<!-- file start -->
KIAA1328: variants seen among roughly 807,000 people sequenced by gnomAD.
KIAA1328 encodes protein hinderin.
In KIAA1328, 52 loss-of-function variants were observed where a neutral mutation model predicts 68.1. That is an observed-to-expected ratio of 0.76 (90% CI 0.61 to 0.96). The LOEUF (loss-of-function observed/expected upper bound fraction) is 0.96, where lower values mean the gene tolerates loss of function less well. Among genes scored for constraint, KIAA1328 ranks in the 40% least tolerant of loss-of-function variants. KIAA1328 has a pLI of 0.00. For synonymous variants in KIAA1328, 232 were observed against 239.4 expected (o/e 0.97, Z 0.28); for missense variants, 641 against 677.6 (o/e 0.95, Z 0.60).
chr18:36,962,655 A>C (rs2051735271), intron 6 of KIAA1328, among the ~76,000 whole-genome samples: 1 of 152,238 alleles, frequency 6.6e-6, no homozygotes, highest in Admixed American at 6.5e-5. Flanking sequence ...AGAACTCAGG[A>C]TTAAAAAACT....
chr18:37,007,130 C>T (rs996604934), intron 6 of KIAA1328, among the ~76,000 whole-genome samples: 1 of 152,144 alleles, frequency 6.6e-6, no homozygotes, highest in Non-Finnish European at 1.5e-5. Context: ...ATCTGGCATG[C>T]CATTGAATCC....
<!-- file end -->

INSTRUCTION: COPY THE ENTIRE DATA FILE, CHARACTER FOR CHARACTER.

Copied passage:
KIAA1328: variants seen among roughly 807,000 people sequenced by gnomAD.
KIAA1328 encodes protein hinderin.
In KIAA1328, 52 loss-of-function variants were observed where a neutral mutation model predicts 68.1. That is an observed-to-expected ratio of 0.76 (90% CI 0.61 to 0.96). The LOEUF (loss-of-function observed/expected upper bound fraction) is 0.96, where lower values mean the gene tolerates loss of function less well. Among genes scored for constraint, KIAA1328 ranks in the 40% least tolerant of loss-of-function variants. KIAA1328 has a pLI of 0.00. For synonymous variants in KIAA1328, 232 were observed against 239.4 expected (o/e 0.97, Z 0.28); for missense variants, 641 against 677.6 (o/e 0.95, Z 0.60).
chr18:36,962,655 A>C (rs2051735271), intron 6 of KIAA1328, among the ~76,000 whole-genome samples: 1 of 152,238 alleles, frequency 6.6e-6, no homozygotes, highest in Admixed American at 6.5e-5. Flanking sequence ...AGAACTCAGG[A>C]TTAAAAAACT....
chr18:37,007,130 C>T (rs996604934), intron 6 of KIAA1328, among the ~76,000 whole-genome samples: 1 of 152,144 alleles, frequency 6.6e-6, no homozygotes, highest in Non-Finnish European at 1.5e-5. Context: ...ATCTGGCATG[C>T]CATTGAATCC....